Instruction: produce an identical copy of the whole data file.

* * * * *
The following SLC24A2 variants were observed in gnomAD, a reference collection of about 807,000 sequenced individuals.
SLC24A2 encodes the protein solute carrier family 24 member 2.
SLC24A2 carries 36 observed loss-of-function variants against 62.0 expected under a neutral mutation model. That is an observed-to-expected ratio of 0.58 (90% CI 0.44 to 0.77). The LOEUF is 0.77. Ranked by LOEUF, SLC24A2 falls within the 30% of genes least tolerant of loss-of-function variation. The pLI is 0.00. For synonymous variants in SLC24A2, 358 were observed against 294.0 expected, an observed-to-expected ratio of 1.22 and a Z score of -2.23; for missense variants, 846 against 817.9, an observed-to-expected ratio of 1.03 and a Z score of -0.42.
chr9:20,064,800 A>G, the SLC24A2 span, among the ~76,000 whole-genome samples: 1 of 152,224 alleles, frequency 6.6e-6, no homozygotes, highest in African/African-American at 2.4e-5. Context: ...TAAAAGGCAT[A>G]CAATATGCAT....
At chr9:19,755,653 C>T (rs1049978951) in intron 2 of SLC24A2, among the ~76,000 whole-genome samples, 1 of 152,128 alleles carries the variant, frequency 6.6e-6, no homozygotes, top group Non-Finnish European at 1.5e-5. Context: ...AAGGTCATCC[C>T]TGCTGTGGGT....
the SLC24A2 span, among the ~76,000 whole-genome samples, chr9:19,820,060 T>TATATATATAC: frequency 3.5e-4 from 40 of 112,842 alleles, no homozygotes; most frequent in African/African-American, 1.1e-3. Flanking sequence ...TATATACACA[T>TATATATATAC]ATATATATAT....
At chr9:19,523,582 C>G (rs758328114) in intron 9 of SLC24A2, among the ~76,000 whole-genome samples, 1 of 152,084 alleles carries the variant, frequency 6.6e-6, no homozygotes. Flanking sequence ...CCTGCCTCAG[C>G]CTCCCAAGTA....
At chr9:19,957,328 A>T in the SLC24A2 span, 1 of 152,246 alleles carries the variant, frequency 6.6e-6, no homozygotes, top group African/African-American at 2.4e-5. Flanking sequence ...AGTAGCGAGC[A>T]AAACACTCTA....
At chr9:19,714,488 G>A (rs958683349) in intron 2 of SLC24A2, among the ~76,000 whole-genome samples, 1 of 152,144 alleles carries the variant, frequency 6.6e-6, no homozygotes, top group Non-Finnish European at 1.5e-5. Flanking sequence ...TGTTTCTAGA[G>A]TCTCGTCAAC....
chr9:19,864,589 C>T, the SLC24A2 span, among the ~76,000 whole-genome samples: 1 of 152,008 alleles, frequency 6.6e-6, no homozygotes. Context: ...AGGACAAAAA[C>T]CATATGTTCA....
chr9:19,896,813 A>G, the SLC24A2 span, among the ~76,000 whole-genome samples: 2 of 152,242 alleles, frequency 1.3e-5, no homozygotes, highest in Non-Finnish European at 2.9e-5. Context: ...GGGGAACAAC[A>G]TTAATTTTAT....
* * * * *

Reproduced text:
The following SLC24A2 variants were observed in gnomAD, a reference collection of about 807,000 sequenced individuals.
SLC24A2 encodes the protein solute carrier family 24 member 2.
SLC24A2 carries 36 observed loss-of-function variants against 62.0 expected under a neutral mutation model. That is an observed-to-expected ratio of 0.58 (90% CI 0.44 to 0.77). The LOEUF is 0.77. Ranked by LOEUF, SLC24A2 falls within the 30% of genes least tolerant of loss-of-function variation. The pLI is 0.00. For synonymous variants in SLC24A2, 358 were observed against 294.0 expected, an observed-to-expected ratio of 1.22 and a Z score of -2.23; for missense variants, 846 against 817.9, an observed-to-expected ratio of 1.03 and a Z score of -0.42.
chr9:20,064,800 A>G, the SLC24A2 span, among the ~76,000 whole-genome samples: 1 of 152,224 alleles, frequency 6.6e-6, no homozygotes, highest in African/African-American at 2.4e-5. Context: ...TAAAAGGCAT[A>G]CAATATGCAT....
At chr9:19,755,653 C>T (rs1049978951) in intron 2 of SLC24A2, among the ~76,000 whole-genome samples, 1 of 152,128 alleles carries the variant, frequency 6.6e-6, no homozygotes, top group Non-Finnish European at 1.5e-5. Context: ...AAGGTCATCC[C>T]TGCTGTGGGT....
the SLC24A2 span, among the ~76,000 whole-genome samples, chr9:19,820,060 T>TATATATATAC: frequency 3.5e-4 from 40 of 112,842 alleles, no homozygotes; most frequent in African/African-American, 1.1e-3. Flanking sequence ...TATATACACA[T>TATATATATAC]ATATATATAT....
At chr9:19,523,582 C>G (rs758328114) in intron 9 of SLC24A2, among the ~76,000 whole-genome samples, 1 of 152,084 alleles carries the variant, frequency 6.6e-6, no homozygotes. Flanking sequence ...CCTGCCTCAG[C>G]CTCCCAAGTA....
At chr9:19,957,328 A>T in the SLC24A2 span, 1 of 152,246 alleles carries the variant, frequency 6.6e-6, no homozygotes, top group African/African-American at 2.4e-5. Flanking sequence ...AGTAGCGAGC[A>T]AAACACTCTA....
At chr9:19,714,488 G>A (rs958683349) in intron 2 of SLC24A2, among the ~76,000 whole-genome samples, 1 of 152,144 alleles carries the variant, frequency 6.6e-6, no homozygotes, top group Non-Finnish European at 1.5e-5. Flanking sequence ...TGTTTCTAGA[G>A]TCTCGTCAAC....
chr9:19,864,589 C>T, the SLC24A2 span, among the ~76,000 whole-genome samples: 1 of 152,008 alleles, frequency 6.6e-6, no homozygotes. Context: ...AGGACAAAAA[C>T]CATATGTTCA....
chr9:19,896,813 A>G, the SLC24A2 span, among the ~76,000 whole-genome samples: 2 of 152,242 alleles, frequency 1.3e-5, no homozygotes, highest in Non-Finnish European at 2.9e-5. Context: ...GGGGAACAAC[A>G]TTAATTTTAT....